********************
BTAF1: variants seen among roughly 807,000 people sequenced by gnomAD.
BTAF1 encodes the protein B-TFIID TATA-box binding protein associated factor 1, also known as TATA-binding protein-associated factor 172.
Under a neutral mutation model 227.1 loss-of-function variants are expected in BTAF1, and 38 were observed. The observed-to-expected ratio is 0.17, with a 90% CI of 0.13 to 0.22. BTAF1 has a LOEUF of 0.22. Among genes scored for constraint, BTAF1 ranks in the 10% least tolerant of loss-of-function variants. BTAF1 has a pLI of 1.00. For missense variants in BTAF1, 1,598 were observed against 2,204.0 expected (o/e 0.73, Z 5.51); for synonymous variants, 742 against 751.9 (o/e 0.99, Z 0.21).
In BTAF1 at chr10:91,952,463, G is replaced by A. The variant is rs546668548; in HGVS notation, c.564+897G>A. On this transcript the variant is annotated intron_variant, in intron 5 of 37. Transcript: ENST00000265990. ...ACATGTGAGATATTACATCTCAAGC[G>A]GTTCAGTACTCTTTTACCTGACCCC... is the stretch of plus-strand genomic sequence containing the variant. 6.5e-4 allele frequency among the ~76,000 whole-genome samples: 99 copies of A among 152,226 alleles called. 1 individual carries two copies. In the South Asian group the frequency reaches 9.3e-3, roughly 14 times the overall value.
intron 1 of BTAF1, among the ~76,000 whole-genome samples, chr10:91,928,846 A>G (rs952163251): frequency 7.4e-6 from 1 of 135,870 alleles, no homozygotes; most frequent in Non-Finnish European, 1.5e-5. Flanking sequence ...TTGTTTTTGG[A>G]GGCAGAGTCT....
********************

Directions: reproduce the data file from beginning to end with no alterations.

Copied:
BTAF1: variants seen among roughly 807,000 people sequenced by gnomAD.
BTAF1 encodes the protein B-TFIID TATA-box binding protein associated factor 1, also known as TATA-binding protein-associated factor 172.
Under a neutral mutation model 227.1 loss-of-function variants are expected in BTAF1, and 38 were observed. The observed-to-expected ratio is 0.17, with a 90% CI of 0.13 to 0.22. BTAF1 has a LOEUF of 0.22. Among genes scored for constraint, BTAF1 ranks in the 10% least tolerant of loss-of-function variants. BTAF1 has a pLI of 1.00. For missense variants in BTAF1, 1,598 were observed against 2,204.0 expected (o/e 0.73, Z 5.51); for synonymous variants, 742 against 751.9 (o/e 0.99, Z 0.21).
In BTAF1 at chr10:91,952,463, G is replaced by A. The variant is rs546668548; in HGVS notation, c.564+897G>A. On this transcript the variant is annotated intron_variant, in intron 5 of 37. Transcript: ENST00000265990. ...ACATGTGAGATATTACATCTCAAGC[G>A]GTTCAGTACTCTTTTACCTGACCCC... is the stretch of plus-strand genomic sequence containing the variant. 6.5e-4 allele frequency among the ~76,000 whole-genome samples: 99 copies of A among 152,226 alleles called. 1 individual carries two copies. In the South Asian group the frequency reaches 9.3e-3, roughly 14 times the overall value.
intron 1 of BTAF1, among the ~76,000 whole-genome samples, chr10:91,928,846 A>G (rs952163251): frequency 7.4e-6 from 1 of 135,870 alleles, no homozygotes; most frequent in Non-Finnish European, 1.5e-5. Flanking sequence ...TTGTTTTTGG[A>G]GGCAGAGTCT....